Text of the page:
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Gingrich: SC win shows I'm ready for Obama

WASHINGTON -- Newt Gingrich worked to capitalize yesterday on his upset victory in South Carolina's Republican presidential primary, while Mitt Romney moved quickly to cut his losses before the next contest with a promise to release his income tax returns within 48 hours.

Gingrich said in a round of television interviews that his win, both unexpected and unexpectedly large, showed he was the Republican best able to go toe-to-toe with President Barack Obama in the fall.

"I think virtually everybody who looks at the campaign knows I represent the largest amount of change of any candidate, and I think that's why they see me as representing their interest and their concerns, not representing Wall Street or representing the politicians of Washington," he said.

Romney argued that point, but not another, agreeing in a television interview that he had made a mistake by refusing to release his tax returns before Saturday's South Carolina vote.

"If it was a distraction, we want to get back to the real issues in the campaign -- leadership, character and vision for America, how to get jobs in America, and how to rein in the excessive scale of the federal government," he said.

The former Massachusetts governor, who made millions in business, said he will make his 2010 return and an estimate for 2011 available online Tuesday.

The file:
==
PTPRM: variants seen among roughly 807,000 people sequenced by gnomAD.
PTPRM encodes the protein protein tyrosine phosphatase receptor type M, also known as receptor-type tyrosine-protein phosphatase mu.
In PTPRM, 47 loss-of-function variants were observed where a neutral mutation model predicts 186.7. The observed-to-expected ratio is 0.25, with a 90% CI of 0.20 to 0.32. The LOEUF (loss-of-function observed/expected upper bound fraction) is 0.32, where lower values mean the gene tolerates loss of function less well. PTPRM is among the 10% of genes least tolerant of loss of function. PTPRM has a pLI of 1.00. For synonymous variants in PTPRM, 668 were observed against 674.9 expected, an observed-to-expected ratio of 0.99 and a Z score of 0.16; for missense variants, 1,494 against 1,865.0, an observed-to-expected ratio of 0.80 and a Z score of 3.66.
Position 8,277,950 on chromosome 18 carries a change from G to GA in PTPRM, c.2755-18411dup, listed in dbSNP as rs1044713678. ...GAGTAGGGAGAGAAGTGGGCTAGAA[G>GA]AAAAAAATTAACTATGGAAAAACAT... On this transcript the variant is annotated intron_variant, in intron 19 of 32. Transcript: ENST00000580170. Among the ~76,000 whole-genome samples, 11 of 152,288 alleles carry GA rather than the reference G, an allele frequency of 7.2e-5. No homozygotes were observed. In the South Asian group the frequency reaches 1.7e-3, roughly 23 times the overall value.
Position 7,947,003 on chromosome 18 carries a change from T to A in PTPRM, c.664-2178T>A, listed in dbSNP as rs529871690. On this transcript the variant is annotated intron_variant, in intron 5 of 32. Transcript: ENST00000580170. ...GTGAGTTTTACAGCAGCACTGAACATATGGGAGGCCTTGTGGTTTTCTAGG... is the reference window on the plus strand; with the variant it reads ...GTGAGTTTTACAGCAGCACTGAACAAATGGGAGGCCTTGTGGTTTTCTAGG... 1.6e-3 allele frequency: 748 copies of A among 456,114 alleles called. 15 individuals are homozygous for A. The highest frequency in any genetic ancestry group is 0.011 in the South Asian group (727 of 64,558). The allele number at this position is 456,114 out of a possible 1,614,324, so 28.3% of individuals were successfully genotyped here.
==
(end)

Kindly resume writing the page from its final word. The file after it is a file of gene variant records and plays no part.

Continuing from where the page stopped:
The decision marked a concession that Romney had stumbled on his way through South Carolina, a state where he led handsomely in the polls several days before the primary.

The Florida primary on Jan. 31 is next, a 50-delegate contest in one of the most expensive campaign states in the country.

Romney remains the contender with the largest and best-funded organization. "Three states in now, we got 47 more to go," he said, adding he was looking forward to the rest.

For all the political momentum gained in South Carolina, Gingrich made it immediately obvious that he is short on funds.

The former House speaker urged supporters via Twitter Saturday night to donate money, and then announced the name of his campaign website while making a nationally televised victory speech.

With their comments, both Romney and Gingrich indicated the race was a two-way competition, likely to go into the spring if not longer.

Santorum had other ideas.

"We're going to Florida and beyond," he said. As he did in a pair of debates in South Carolina, he criticized both Gingrich -- calling him a "very high-risk candidate" -- and Romney, whom he called a moderate ill-suited to appeal to conservative voters.

Texas Rep. Ron Paul, the fourth contender, has already said he will skip Florida and focus on Nevada and other caucus states.

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